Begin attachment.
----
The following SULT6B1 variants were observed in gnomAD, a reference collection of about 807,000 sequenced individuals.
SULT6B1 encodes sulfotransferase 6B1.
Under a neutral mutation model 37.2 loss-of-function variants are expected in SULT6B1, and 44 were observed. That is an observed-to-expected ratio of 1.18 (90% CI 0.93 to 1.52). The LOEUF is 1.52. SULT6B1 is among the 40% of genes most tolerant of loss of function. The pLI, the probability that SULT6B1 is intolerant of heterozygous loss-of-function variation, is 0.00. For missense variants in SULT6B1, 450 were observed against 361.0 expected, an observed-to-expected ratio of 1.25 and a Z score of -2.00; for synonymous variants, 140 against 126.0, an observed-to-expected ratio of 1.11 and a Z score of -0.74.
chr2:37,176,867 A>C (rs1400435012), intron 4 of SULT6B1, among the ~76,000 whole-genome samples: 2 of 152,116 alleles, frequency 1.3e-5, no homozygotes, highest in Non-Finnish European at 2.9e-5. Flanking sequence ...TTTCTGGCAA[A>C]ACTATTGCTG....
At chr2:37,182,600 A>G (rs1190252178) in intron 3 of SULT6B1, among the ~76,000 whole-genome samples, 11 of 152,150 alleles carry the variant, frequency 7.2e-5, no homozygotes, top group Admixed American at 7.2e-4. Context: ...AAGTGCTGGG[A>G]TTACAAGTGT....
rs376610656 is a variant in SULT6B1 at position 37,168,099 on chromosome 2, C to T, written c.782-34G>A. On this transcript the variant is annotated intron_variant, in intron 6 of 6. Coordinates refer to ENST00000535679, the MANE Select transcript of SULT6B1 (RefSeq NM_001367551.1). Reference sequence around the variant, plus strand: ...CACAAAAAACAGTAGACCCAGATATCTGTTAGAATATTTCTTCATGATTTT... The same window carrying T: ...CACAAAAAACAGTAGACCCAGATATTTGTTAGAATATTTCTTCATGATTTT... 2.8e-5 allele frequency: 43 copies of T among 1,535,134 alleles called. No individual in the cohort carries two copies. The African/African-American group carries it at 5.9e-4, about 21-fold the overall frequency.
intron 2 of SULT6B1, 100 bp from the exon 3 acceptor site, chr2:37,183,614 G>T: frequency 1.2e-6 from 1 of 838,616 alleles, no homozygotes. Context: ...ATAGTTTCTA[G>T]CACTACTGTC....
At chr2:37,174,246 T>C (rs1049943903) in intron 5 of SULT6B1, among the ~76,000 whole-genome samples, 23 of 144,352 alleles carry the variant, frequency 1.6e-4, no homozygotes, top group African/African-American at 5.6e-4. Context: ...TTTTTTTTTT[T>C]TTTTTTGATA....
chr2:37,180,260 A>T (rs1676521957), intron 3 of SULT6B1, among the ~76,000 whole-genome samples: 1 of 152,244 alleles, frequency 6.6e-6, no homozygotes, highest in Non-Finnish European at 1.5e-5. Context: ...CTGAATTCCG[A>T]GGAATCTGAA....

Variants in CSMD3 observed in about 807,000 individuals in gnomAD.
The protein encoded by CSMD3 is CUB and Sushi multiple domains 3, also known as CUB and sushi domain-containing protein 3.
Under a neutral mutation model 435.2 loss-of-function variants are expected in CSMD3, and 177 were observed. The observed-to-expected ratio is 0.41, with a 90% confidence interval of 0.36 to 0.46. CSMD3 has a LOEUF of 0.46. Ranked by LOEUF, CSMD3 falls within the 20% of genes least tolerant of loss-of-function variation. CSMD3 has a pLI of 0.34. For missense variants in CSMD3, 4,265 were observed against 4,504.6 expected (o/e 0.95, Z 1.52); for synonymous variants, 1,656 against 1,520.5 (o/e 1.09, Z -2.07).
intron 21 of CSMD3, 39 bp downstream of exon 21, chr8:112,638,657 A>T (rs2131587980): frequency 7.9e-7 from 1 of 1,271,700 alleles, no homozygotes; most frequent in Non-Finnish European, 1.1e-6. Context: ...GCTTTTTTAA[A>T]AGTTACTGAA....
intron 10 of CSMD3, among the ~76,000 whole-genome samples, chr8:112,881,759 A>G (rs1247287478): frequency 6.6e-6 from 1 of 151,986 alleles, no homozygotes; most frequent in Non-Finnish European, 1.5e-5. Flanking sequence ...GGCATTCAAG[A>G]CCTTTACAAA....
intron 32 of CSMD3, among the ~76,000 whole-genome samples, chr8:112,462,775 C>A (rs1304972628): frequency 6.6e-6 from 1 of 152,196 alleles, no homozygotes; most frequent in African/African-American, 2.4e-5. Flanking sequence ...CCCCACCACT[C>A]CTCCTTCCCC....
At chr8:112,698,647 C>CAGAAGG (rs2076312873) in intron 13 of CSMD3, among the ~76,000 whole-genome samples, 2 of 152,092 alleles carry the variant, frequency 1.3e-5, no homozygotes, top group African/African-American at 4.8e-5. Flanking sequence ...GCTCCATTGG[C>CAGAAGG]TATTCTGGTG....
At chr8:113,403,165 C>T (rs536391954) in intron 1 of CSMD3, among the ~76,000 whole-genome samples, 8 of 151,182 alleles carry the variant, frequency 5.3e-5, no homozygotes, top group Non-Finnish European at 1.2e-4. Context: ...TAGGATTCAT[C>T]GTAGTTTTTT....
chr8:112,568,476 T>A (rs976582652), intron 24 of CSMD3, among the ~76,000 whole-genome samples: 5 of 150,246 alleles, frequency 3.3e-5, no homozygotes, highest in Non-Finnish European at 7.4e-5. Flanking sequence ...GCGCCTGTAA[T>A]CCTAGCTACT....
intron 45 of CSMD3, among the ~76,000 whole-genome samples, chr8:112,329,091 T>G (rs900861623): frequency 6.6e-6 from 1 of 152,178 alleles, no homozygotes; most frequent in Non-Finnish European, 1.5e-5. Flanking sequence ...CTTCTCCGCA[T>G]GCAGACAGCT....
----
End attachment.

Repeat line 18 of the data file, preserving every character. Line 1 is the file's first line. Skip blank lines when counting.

chr8:112,568,476 T>A (rs976582652), intron 24 of CSMD3, among the ~76,000 whole-genome samples: 5 of 150,246 alleles, frequency 3.3e-5, no homozygotes, highest in Non-Finnish European at 7.4e-5. Flanking sequence ...GCGCCTGTAA[T>A]CCTAGCTACT....